Mexico Trek!   Trekkers DISPATCH: September 3 Monica's Log

Tlatelolco, the death of the Aztec Empire & the Birth of Mexico

Can you find Silvia? Boarding the Metro to go to TlatelolcoAs you walk away from Tlatelolco metro station, you cross under the street through a tunnel, and as you approach the Plaza de las Tres Culturas, or Plaza of Three Cultures, you automatically slow down. The park is quiet and clean, and you only hear the soft pitter-patter of rain mixed with the footsteps of other visitors to this historic site. Grass grows thickly around the ruins of the Aztec pyramids of Tlatelolco, and a guard marches slowly near the plaque that commemorates this peaceful spot.

Aztec Pyramids, a Spanish Church, a Modern BuildingGray stone pyramids stand as silent sentinels to the cries of anguish and starvation that must have pierced the air as the Aztecs, resisting the Spaniards, were defeated by Cortes' men. A large white sign on the left explains the story of Cuauhtemoc, Moctezuma's 18-year-old nephew, who assumed control after Moctezuma's other nephew and successor, Cuitlahuac, died of smallpox. Cortes' army, having cut off supplies and food to Tenochtitlan from the mainland, had slowly but steadily advanced, finally trapping Cuauhtemoc and his men in Tlatelolco, where they were defeated.

500 years ago this was a popular Aztec market and the site of the 
Aztecs' last stand against the SpanishGraffiti in the form of police outlines of fallen bodies marks the ground, and a monument to student protestors killed in 1968 by army troops rises near the Catholic Templo de Santiago. As you walk around the monument, a large plaque to the right catches your attention. It says:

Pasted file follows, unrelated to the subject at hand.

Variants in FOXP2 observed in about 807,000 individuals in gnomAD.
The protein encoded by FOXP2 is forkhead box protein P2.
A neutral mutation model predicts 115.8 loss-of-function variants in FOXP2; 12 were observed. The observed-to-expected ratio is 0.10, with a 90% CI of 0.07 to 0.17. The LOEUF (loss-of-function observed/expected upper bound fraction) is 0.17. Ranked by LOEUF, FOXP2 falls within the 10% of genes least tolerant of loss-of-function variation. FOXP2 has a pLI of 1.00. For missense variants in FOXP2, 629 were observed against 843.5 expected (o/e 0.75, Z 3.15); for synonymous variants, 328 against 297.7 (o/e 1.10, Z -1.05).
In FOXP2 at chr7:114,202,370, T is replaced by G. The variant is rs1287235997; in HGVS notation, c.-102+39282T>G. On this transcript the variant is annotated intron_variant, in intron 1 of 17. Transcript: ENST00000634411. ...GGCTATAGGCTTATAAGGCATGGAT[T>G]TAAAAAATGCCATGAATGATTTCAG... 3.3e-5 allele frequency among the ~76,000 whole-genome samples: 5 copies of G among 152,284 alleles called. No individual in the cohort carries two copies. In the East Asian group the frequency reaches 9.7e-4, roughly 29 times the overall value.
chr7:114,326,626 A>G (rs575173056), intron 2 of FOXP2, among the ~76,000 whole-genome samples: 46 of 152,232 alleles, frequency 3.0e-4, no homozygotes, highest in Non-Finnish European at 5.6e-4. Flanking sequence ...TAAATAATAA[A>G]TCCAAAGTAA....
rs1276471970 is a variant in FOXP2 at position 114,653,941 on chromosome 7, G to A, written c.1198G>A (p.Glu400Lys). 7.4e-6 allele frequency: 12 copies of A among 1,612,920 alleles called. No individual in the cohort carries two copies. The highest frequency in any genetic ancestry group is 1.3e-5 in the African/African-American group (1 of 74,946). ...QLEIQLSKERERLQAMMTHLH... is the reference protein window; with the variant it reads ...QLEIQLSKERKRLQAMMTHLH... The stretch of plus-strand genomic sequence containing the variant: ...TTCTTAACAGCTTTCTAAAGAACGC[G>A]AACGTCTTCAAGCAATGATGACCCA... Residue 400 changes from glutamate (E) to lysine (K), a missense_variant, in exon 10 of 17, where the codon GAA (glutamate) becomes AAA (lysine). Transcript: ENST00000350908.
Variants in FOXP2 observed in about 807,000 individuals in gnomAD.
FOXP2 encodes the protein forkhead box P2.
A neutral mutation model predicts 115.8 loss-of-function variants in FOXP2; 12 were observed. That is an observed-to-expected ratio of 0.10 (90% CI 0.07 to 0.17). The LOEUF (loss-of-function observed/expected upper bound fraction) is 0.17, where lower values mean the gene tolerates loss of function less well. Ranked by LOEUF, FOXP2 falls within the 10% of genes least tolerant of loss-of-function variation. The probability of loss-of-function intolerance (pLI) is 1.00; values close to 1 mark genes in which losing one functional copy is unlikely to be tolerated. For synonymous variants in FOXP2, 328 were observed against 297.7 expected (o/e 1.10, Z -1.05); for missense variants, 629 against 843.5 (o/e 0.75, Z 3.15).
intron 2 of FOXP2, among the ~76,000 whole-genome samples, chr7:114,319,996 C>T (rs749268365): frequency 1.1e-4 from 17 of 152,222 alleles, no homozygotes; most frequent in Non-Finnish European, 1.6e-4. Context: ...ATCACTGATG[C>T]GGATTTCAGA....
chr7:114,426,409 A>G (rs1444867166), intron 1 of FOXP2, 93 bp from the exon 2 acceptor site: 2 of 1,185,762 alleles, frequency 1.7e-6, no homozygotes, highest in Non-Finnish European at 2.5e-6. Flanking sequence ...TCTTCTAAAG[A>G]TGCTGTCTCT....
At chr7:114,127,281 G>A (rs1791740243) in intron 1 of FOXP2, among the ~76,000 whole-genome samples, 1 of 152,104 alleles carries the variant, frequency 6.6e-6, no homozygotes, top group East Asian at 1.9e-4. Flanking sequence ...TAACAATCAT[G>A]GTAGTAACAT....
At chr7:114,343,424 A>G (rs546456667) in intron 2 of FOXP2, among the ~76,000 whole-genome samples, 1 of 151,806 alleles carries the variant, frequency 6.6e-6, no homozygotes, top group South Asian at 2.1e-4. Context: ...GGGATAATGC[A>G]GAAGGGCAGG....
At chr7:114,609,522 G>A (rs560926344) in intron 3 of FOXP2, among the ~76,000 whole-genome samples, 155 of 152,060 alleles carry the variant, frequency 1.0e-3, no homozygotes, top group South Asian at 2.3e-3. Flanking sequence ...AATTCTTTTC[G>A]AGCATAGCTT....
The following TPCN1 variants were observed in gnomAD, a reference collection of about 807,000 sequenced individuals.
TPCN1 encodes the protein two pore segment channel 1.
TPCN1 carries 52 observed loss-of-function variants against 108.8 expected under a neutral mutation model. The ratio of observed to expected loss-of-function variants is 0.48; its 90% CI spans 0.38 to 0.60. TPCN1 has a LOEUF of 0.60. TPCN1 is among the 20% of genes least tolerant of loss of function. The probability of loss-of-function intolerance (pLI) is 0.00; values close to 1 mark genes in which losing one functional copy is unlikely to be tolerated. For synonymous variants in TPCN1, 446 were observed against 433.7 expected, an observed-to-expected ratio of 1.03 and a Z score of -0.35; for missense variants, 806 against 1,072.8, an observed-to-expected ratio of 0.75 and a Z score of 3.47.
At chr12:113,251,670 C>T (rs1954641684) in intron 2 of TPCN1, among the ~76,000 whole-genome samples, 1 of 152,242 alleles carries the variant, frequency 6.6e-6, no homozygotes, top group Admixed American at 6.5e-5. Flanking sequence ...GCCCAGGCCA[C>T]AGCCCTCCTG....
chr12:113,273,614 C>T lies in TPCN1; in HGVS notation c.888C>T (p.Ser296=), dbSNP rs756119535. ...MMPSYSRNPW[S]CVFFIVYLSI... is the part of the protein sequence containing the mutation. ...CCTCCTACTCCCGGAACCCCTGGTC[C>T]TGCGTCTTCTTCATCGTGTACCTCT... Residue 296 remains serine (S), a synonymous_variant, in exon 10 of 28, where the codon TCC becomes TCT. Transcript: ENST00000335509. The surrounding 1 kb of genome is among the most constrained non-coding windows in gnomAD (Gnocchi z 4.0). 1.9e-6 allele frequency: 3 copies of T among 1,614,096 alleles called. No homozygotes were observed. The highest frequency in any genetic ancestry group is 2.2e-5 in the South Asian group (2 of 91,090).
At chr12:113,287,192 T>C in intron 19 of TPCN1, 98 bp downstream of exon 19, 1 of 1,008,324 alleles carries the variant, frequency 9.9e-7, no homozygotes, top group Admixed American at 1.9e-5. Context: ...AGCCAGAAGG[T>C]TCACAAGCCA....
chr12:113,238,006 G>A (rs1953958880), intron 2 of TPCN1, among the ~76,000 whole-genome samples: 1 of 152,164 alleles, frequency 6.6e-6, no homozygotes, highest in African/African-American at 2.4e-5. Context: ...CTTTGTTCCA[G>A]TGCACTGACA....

"On August 13, 1521, heroically defended by Cuauhtemoc, Tlatelolco fell into the hands of Hernan Cortes. It was neither a triumph nor a defeat: it was the painful birth of the mestizo nation that is Mexico today."
The Aztec Tlatelolco pyramids, the Spanish Santiago church, and the modern Foreign Ministry building, on the south side of the plaza, together make up the three cultures of Mexico: Aztec, Spanish, and modern mestizo. Most Mexicans are mestizo, mixed blood, but, as Liliana, a student we met said, "Cuauhtemoc was very brave 300 student protestors were shot down here 30 years ago by the governmentand the Spanish were not very good. They tortured him but he still wouldn't tell them where his other men were." Most Mexicans have similar feelings of pride and heroism for their Aztec heritage, but mistrust of Cortes and the Spaniards.

Tlatelolco not only echoes the pain of the past, but also seems to speak to modern troubles. Liliana told us of the death and destuction caused by an earthquake in 1985. (You can read more about Liliana in Siliva’s update "Meet Liliana.")

The monument to the slain 1968 protestors tells a tale of sadness. Mexico City was to host the 1968 Olympic Games, but as the start of the games got closer, Interor Minister Gustavo Diaz Ordaz became stricter and stricter, cracking down on strikers protesting the huge amounts of money being spent to build the Olympic Stadium as well as the current state of authoritarianism. In August 13, in Lilianathe Zocalo, 150,000 people gathered to march, and on September 13, even more crowds organized down the Paseo de la Reforma. An October 2 meeting was set here in the Plaza de Tlatelolco, but around 10,000 people came, including students and youngsters. Helicopters and soldiers shot into the crowd, and as many as 300 students were killed.

Rain had stopped falling and the ground was moist and new. But if you thought back on the history of this place, you could only think of sadness.



Related Dispatches: 
Monica - Tlatelolco, the death of the Aztec Empire & the Birth of Mexico
Silvia - Meet Liliana, soccer player, Aztec expert, 14 years old!
Shawn - A Report from the Battlefield
Team - Three Conquest Stories - You decide how they end!

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